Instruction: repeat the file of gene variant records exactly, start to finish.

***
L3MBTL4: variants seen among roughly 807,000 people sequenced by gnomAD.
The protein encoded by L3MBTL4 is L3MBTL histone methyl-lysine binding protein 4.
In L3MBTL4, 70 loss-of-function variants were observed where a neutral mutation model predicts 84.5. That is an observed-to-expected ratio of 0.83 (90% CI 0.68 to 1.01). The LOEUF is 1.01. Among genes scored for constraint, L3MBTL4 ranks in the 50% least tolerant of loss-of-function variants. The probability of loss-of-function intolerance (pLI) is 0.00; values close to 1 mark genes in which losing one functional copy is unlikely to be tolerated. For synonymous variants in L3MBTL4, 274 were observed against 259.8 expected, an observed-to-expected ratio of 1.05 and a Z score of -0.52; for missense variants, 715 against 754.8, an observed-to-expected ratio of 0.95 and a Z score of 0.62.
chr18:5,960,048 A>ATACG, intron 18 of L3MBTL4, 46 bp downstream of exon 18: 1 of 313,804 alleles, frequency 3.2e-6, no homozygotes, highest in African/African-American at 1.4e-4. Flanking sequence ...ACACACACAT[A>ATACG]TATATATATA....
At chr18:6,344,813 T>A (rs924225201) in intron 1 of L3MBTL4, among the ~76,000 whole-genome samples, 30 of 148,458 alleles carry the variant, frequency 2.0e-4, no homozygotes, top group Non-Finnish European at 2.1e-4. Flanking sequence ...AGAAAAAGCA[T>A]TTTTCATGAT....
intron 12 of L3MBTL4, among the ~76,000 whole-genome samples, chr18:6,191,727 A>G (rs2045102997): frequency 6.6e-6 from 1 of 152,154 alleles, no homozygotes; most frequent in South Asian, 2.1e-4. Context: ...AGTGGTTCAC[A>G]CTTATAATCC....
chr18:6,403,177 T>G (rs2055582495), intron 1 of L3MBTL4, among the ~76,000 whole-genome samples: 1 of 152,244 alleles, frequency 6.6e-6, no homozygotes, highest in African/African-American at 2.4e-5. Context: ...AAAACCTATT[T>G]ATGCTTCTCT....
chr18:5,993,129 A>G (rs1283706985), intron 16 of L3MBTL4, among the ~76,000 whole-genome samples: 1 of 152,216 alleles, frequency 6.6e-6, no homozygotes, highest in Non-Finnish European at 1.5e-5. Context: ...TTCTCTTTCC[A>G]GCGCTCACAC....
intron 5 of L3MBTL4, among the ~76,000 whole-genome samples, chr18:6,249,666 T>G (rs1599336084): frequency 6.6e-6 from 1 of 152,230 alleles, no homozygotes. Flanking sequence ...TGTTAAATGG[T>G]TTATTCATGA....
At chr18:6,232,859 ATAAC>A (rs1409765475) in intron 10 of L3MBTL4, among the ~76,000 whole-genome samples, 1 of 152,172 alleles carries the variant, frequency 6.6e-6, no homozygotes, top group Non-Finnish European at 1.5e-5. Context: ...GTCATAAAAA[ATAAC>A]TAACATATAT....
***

L3MBTL4: variants seen among roughly 807,000 people sequenced by gnomAD.
The protein encoded by L3MBTL4 is L3MBTL histone methyl-lysine binding protein 4.
In L3MBTL4, 70 loss-of-function variants were observed where a neutral mutation model predicts 84.5. That is an observed-to-expected ratio of 0.83 (90% CI 0.68 to 1.01). The LOEUF is 1.01. Among genes scored for constraint, L3MBTL4 ranks in the 50% least tolerant of loss-of-function variants. The probability of loss-of-function intolerance (pLI) is 0.00; values close to 1 mark genes in which losing one functional copy is unlikely to be tolerated. For synonymous variants in L3MBTL4, 274 were observed against 259.8 expected, an observed-to-expected ratio of 1.05 and a Z score of -0.52; for missense variants, 715 against 754.8, an observed-to-expected ratio of 0.95 and a Z score of 0.62.
chr18:5,960,048 A>ATACG, intron 18 of L3MBTL4, 46 bp downstream of exon 18: 1 of 313,804 alleles, frequency 3.2e-6, no homozygotes, highest in African/African-American at 1.4e-4. Flanking sequence ...ACACACACAT[A>ATACG]TATATATATA....
At chr18:6,344,813 T>A (rs924225201) in intron 1 of L3MBTL4, among the ~76,000 whole-genome samples, 30 of 148,458 alleles carry the variant, frequency 2.0e-4, no homozygotes, top group Non-Finnish European at 2.1e-4. Flanking sequence ...AGAAAAAGCA[T>A]TTTTCATGAT....
intron 12 of L3MBTL4, among the ~76,000 whole-genome samples, chr18:6,191,727 A>G (rs2045102997): frequency 6.6e-6 from 1 of 152,154 alleles, no homozygotes; most frequent in South Asian, 2.1e-4. Context: ...AGTGGTTCAC[A>G]CTTATAATCC....
chr18:6,403,177 T>G (rs2055582495), intron 1 of L3MBTL4, among the ~76,000 whole-genome samples: 1 of 152,244 alleles, frequency 6.6e-6, no homozygotes, highest in African/African-American at 2.4e-5. Context: ...AAAACCTATT[T>G]ATGCTTCTCT....
chr18:5,993,129 A>G (rs1283706985), intron 16 of L3MBTL4, among the ~76,000 whole-genome samples: 1 of 152,216 alleles, frequency 6.6e-6, no homozygotes, highest in Non-Finnish European at 1.5e-5. Context: ...TTCTCTTTCC[A>G]GCGCTCACAC....
intron 5 of L3MBTL4, among the ~76,000 whole-genome samples, chr18:6,249,666 T>G (rs1599336084): frequency 6.6e-6 from 1 of 152,230 alleles, no homozygotes. Flanking sequence ...TGTTAAATGG[T>G]TTATTCATGA....
At chr18:6,232,859 ATAAC>A (rs1409765475) in intron 10 of L3MBTL4, among the ~76,000 whole-genome samples, 1 of 152,172 alleles carries the variant, frequency 6.6e-6, no homozygotes, top group Non-Finnish European at 1.5e-5. Context: ...GTCATAAAAA[ATAAC>A]TAACATATAT....